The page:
Insurers change coverage for skyrocketing sleep apnea costs

Since doctors increasingly are diagnosing their patients with sleep apnea, insurers' apnea-related costs have skyrocketed, prompting some to change their coverage policies for the disorder.

A sleep apnea diagnosis usually requires patients undergo tests overnight in a sleep lab; some patients spend two nights in the lab to separately test for sleep apnea and to try a continuous positive airway pressure (CPAP) machine. Insurers often spend $1,900 for one overnight stay, reported the NPR Shots blog.

As a result of this increased spending, some experts are concerned that overnight tests to diagnose apnea are over-prescribed. Medicare payments for sleep testing increased from $62 million in 2001 to $235 million in 2009.

This contrasts effective home sleep tests that cost less than a fifth of the lab version. Although Medicare began paying for home sleep tests in 2008, the tests have had only modest growth.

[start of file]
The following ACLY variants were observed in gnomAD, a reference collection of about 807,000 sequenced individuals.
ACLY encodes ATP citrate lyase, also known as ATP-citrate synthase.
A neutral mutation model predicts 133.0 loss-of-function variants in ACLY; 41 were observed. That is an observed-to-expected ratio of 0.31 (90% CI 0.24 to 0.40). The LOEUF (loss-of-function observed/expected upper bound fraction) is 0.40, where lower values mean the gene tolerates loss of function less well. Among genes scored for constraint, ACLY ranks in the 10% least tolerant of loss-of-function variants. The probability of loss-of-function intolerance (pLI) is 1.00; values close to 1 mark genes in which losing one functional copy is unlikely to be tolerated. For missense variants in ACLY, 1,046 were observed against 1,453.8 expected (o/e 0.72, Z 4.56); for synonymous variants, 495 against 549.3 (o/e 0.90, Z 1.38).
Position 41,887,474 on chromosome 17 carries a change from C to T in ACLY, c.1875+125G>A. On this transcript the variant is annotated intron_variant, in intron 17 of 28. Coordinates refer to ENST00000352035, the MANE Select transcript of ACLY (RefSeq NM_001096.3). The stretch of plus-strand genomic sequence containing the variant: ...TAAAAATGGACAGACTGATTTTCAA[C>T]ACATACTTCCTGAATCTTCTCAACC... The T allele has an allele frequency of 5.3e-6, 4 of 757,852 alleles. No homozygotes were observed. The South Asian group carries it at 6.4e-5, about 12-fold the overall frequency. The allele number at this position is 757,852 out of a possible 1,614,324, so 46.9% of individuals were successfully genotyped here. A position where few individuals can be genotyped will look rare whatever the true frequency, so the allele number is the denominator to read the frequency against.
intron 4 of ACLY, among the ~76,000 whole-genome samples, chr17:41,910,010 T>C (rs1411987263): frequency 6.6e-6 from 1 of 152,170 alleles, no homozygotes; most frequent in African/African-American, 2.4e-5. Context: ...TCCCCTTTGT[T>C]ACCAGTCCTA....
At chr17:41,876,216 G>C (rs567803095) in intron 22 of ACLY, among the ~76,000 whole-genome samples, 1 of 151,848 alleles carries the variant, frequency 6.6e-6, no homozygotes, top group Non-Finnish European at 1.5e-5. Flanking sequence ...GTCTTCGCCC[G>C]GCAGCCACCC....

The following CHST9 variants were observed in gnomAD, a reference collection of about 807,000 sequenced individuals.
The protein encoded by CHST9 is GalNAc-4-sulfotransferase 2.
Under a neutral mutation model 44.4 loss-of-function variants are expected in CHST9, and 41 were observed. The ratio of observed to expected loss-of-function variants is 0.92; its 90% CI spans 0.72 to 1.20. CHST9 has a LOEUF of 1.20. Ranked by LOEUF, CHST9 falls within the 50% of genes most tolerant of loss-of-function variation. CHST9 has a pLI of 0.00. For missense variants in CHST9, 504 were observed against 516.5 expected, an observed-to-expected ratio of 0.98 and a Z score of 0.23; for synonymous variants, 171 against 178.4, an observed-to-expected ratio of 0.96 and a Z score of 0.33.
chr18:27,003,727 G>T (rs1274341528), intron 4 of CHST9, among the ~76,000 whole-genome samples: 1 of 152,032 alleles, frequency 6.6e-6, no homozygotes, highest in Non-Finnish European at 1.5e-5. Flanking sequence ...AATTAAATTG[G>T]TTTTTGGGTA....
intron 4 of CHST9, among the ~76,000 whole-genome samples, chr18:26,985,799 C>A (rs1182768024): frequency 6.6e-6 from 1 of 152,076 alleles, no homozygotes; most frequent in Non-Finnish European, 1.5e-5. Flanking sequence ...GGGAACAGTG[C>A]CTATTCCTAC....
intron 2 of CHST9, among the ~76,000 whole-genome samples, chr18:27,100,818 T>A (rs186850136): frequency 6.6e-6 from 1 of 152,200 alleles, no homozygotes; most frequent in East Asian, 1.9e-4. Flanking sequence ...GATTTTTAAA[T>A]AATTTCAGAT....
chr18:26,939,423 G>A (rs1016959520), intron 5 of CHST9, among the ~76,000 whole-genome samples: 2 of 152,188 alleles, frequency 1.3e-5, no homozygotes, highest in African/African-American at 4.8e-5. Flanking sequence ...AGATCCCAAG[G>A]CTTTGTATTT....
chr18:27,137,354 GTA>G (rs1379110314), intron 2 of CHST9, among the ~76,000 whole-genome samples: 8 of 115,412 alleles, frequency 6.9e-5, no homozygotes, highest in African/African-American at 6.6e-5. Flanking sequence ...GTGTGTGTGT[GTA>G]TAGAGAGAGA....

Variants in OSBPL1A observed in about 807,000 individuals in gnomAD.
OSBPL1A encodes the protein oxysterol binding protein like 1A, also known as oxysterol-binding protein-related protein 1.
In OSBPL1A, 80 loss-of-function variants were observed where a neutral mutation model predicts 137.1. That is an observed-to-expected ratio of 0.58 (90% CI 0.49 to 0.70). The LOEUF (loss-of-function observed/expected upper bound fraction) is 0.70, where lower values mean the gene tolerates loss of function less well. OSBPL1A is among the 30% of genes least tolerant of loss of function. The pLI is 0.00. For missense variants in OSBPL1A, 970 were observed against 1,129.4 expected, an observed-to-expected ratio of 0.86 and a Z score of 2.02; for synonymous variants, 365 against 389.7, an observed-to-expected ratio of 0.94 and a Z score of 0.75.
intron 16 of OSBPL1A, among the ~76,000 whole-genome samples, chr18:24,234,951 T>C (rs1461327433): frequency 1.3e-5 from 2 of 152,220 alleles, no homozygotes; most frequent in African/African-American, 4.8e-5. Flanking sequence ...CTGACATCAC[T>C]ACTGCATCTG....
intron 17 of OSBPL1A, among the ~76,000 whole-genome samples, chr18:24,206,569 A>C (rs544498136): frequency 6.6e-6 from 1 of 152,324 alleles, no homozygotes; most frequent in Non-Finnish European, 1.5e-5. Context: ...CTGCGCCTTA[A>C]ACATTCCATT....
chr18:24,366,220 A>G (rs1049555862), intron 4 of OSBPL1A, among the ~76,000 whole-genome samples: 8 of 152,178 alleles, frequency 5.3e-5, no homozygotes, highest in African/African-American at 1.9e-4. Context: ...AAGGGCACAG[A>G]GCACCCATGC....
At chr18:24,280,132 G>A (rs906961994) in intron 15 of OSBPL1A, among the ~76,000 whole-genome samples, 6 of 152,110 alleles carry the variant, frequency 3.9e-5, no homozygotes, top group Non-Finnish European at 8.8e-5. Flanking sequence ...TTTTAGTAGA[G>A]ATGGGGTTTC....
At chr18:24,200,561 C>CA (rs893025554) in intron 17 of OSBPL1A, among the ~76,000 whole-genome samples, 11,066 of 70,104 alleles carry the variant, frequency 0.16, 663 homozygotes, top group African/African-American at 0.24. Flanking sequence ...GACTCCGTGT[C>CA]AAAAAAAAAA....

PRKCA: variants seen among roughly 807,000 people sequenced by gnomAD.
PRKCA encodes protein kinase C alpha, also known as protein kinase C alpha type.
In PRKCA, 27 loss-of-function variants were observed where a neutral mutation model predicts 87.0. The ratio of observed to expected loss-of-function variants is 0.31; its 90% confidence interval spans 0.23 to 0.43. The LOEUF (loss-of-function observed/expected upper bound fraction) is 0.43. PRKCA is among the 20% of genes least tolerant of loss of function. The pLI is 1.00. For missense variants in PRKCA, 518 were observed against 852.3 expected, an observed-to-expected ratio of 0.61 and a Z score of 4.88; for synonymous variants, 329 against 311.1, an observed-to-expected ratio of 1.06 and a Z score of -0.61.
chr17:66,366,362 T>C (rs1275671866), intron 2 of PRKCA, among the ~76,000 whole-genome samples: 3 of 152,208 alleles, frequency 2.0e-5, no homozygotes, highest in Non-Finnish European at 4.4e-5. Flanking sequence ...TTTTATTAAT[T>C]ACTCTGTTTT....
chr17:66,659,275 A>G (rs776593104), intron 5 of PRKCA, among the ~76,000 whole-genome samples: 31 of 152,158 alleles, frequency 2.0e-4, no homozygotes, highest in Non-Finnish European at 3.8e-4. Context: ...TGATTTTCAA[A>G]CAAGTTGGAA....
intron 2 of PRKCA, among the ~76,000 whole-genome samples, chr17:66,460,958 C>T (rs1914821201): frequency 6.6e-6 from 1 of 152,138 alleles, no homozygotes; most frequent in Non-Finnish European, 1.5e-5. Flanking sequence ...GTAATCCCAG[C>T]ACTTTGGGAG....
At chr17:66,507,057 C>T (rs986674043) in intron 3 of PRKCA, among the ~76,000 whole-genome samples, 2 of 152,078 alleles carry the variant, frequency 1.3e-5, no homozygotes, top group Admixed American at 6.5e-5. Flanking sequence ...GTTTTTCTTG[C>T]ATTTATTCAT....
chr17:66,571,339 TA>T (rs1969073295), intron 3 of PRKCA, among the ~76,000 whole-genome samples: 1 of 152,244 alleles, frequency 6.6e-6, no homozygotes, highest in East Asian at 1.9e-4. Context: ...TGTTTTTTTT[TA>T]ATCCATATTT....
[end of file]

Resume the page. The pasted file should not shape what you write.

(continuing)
"I believe lab tests, as opposed to the home tests, are being wildly overprescribed," said Michael Backus, senior vice president of WellPoint subsidiary American Imaging Management. "It should be 70 percent at home and 30 percent in the lab."

To curb rising costs, WellPoint has begun changing how it pays for sleep testing by, for example, requiring special pre-authorizations before approving overnight stays and determining whether patients qualify for home sleep tests, NPR Shots noted.

Another problem, according to Blue Cross Blue Shield of North Carolina Medical Director Fred Holt, is some patients don't first undergo basic exams before overnight lab tests so they're being prescribed expensive tests they don't necessarily need. In other cases, labs are prescribing CPAP machines without suggesting less costly strategies, such as losing weight or sleeping on one's side.

"We are spending more and more money on sleep testing and treatment, and like anything else in healthcare, there are unscrupulous people out there who are more than happy to do testing and treatment that might be of questionable value," Holt said. "This might be because of naiveté on the part of the physician, or unfortunately, it could be done for the sake of improving the cash flow of the business."

To learn more:
- read the NPR Shots blog